In the early twelfth century an Italian architect made a mistake. He built a tower on a piece of unstable soil. It was probably not totally his fault – those commissioning the bell tower wanted it to be close to the cathedral, and building methods back then were not quite what they are now. Still, historical record leaves us unsure exactly who was responsible for the mistake, which saw the bell tower of Pisa begin to lean only a few years after its lower levels were built.
Wisely, no one deemed it necessary to pull it down and start again somewhere more stable, they just left it for a while and went off to war, leaving the remainder of the building project to become someone’s problem years later. Sure enough, peace reigned again and about a century later a confident set of builders added a few extra bricks on the subsiding side to straighten the tower as it grew upwards. Not entirely successfully but it didn’t fall over which was a good result.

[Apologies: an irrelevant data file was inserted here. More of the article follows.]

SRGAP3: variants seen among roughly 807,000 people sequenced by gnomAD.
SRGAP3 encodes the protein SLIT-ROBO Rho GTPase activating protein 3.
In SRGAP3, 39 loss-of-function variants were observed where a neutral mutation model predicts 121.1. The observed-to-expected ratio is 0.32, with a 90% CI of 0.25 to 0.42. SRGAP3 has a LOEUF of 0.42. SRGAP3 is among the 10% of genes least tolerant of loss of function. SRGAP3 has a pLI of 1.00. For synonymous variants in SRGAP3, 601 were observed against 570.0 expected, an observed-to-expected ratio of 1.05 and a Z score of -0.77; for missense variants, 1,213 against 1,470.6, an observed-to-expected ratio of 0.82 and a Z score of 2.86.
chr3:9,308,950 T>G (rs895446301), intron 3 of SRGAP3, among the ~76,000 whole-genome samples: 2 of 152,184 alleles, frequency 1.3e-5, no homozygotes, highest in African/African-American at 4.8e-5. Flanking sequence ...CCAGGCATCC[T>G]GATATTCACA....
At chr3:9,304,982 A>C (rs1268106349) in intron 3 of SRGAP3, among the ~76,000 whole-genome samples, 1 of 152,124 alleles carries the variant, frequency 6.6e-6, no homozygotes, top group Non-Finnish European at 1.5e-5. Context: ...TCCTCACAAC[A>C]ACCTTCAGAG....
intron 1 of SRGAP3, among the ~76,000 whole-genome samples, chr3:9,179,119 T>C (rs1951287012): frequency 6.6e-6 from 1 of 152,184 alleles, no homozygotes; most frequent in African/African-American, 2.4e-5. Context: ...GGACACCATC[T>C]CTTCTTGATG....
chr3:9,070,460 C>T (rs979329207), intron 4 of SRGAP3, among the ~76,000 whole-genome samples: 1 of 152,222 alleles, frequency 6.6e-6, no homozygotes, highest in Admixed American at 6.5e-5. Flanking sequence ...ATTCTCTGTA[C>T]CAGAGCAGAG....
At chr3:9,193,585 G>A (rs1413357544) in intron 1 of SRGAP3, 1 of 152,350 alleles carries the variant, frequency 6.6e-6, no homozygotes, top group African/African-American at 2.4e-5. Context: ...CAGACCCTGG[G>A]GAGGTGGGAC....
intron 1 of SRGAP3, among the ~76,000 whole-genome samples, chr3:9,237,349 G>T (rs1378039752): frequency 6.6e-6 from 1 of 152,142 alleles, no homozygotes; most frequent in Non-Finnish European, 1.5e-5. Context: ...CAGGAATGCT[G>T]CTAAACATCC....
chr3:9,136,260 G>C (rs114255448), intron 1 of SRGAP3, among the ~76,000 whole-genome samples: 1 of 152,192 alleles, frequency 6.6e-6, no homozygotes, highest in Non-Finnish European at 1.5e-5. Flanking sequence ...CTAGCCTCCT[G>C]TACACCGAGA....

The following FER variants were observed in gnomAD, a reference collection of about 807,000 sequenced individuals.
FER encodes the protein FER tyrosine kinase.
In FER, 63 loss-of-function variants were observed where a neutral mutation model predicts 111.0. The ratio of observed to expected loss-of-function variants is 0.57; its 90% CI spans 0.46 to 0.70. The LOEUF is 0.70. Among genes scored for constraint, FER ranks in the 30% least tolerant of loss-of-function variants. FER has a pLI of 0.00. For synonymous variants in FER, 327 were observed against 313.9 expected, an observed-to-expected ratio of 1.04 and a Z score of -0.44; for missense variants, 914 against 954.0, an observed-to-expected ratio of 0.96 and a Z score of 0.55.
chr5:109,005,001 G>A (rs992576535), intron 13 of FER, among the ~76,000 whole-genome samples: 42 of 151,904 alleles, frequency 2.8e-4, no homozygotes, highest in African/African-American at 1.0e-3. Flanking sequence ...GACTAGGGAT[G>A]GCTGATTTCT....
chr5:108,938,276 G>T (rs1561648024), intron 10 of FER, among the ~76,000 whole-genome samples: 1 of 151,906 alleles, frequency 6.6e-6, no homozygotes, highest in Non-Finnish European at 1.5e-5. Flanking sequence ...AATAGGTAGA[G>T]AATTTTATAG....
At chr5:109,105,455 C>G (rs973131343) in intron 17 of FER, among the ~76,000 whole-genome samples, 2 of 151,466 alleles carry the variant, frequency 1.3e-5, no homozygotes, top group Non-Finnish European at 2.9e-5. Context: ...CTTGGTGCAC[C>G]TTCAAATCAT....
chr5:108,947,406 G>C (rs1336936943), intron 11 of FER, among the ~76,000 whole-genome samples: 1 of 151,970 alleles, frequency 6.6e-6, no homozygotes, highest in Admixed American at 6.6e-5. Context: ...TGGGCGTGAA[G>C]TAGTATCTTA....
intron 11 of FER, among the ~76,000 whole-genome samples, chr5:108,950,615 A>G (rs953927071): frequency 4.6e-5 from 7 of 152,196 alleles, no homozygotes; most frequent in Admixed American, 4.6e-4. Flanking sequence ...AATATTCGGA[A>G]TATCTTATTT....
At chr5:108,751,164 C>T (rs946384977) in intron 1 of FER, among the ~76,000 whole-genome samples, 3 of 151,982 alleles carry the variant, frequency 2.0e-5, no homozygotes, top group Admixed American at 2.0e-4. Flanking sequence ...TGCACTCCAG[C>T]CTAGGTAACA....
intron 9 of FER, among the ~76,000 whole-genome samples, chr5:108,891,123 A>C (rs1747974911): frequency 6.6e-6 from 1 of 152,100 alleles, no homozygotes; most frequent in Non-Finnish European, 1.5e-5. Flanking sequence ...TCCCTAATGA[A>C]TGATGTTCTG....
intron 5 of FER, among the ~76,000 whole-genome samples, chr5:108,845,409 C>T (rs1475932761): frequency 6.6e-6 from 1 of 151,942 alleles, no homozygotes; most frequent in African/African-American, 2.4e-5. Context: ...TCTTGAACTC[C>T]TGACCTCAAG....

Two centuries after construction began, the bell chamber was finally installed, and five centuries after those first stones were laid in sinking soil, the final bell went into place. So, the Leaning Tower of Pisa has leaned for nearly a millennium. In the past couple of decades, fears have been held that it would actually finally fall over, so it was closed and serious stabilizing work was carried out. With our superior engineering skills, and equal levels of arrogance, the whole tower was propped up and declared safe for at least the next few centuries. Although enough tilt was kept to maintain the reputation of the tower. After all, how many of us would ever have been to Pisa if not for its infamous leaning bell tower?